The consensus was that a particular pawn shop on the east side of town always gave a fair price, so that was where I went. I have no idea if the amount the old man offered me was good or not, but he seemed nice enough and was doing so much business that he had two assistants. This gave me an idea. “Got any work I could do?” I asked. “You know, sweep the floors or something, for a bite to eat?”
The man smiled kindly, but gestured toward the spotless floor and shrugged. “My floors are just fine, Miss. You can buy food with what I’m giving you.”
“I know, but I need clothes, too.”
He recommended a dealer in used clothing three blocks away.
“Do you maybe know where I can find out which horse farms in the area are hiring?”
This made him chuckle. “Young lady, everyone wants to work on the horse farms. If you don’t have a relative or a friend already working somewhere, you’re going to have a tough time of it.”
I wanted to ask more, but the woman waiting in line behind me was impatient. To no one in particular, she said, “If the horse farms was hiring, wouldn’t no one be planting tomatoes on the town green or selling their jewelry for government dollars.”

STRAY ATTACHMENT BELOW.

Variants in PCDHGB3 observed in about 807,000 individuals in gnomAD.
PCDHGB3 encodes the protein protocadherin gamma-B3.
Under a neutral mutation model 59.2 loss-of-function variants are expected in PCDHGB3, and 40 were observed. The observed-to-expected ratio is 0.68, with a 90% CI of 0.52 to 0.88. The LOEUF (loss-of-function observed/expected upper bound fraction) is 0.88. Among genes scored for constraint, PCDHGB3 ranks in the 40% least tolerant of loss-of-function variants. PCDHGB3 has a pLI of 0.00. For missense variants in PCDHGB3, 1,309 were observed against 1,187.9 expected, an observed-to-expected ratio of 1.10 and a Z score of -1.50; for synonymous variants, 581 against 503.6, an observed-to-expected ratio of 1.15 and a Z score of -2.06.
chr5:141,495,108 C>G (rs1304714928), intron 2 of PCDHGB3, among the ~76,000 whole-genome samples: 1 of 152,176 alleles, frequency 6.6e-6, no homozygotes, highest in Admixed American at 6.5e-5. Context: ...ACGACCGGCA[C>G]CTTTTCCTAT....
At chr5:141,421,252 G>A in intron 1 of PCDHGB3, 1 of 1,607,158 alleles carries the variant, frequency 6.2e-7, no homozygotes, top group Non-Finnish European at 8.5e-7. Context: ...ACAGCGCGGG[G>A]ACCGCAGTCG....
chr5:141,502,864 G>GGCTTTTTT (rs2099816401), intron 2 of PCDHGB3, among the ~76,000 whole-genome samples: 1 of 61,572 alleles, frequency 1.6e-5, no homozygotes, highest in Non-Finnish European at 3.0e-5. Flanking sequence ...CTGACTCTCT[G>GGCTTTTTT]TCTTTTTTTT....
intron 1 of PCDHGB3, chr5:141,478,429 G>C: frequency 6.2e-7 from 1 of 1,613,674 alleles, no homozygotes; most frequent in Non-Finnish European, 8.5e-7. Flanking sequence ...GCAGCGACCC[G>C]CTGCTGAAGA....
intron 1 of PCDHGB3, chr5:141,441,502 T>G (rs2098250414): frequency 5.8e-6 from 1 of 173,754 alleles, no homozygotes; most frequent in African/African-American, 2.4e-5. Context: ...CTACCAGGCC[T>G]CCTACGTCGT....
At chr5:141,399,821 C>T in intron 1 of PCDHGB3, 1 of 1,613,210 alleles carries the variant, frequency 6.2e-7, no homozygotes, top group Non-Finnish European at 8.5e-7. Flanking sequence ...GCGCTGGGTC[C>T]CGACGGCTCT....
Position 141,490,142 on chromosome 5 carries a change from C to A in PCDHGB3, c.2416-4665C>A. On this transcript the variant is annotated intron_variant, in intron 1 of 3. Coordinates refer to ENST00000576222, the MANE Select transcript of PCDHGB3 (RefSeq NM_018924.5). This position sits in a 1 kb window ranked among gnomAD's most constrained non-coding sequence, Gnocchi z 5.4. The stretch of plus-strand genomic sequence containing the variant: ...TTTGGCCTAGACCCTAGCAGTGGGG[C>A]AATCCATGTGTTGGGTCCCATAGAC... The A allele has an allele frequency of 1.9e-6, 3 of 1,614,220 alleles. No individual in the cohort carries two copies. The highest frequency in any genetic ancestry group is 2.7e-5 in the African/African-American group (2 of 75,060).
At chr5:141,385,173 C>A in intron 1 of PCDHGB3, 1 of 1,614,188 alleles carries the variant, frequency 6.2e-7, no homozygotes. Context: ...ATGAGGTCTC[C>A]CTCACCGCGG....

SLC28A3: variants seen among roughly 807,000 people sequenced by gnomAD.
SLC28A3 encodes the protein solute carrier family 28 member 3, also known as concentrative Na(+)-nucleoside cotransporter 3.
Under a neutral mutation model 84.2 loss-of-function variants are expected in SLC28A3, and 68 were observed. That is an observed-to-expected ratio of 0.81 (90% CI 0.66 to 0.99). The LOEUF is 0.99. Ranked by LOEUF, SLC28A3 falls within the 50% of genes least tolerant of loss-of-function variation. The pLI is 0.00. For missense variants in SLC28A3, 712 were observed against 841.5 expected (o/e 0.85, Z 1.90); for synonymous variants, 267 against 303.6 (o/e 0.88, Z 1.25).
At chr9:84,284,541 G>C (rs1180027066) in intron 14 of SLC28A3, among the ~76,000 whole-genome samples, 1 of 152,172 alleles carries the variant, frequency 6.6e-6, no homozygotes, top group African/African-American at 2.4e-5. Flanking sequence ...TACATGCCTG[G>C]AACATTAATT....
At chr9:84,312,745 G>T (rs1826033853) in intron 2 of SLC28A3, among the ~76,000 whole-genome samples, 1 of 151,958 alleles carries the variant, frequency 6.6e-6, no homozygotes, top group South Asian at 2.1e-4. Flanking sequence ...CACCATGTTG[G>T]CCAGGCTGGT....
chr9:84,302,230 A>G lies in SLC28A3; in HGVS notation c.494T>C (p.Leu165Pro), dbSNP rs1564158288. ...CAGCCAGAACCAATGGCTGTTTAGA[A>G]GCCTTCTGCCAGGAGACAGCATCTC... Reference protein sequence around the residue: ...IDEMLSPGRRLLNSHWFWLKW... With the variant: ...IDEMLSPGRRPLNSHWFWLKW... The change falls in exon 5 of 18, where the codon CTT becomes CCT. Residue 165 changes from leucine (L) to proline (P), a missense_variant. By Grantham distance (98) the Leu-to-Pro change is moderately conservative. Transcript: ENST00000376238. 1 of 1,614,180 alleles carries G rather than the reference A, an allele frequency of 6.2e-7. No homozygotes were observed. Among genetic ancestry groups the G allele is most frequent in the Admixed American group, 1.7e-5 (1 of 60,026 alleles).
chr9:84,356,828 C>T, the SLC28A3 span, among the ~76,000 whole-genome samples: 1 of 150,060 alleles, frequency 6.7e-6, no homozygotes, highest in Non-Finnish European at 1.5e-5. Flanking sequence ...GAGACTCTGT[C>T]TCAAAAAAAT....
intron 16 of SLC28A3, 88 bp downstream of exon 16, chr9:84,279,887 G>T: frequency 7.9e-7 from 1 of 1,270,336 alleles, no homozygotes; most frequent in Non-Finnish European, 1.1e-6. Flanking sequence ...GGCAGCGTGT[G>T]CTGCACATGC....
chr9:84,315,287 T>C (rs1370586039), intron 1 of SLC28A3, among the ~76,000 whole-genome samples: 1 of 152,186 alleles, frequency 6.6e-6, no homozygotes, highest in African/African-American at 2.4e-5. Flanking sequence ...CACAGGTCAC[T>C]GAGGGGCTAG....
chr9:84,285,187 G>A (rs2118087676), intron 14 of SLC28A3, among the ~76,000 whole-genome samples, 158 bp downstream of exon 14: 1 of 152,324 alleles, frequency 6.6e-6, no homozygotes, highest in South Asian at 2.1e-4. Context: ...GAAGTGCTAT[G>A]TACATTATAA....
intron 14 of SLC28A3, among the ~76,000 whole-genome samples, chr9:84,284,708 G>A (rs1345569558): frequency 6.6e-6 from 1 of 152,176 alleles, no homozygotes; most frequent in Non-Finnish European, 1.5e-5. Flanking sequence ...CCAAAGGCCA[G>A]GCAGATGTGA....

She was right, of course. I felt my face grow hot and walked away.
Since I had no other plan, I went to the clothing reseller. Whether I looked for work in town or in the countryside, or whether I left Kentucky altogether and sought my fortune elsewhere, I would need better clothes.
An hour later, I was in clean canvas pants, a blue shirt with tiny white stripes, a hat that actually had a shape to it, and a neat blue kerchief. I dug my leather wrist guards out of my bag—the ones Vince gave me nearly four months ago. I now felt very fine and presentable.
But who should I present myself to? The woman at the clothing shop had told me the same thing the man at the pawn shop had said—horse farms rarely hired, and always had a long list of people wanting to work for them. A reference was nice, but unless it was a specific recommendation from someone with ties of friendship or kinship, the likelihood of being made an offer was so small as to not be worth the trouble of traipsing around the countryside making random inquiries.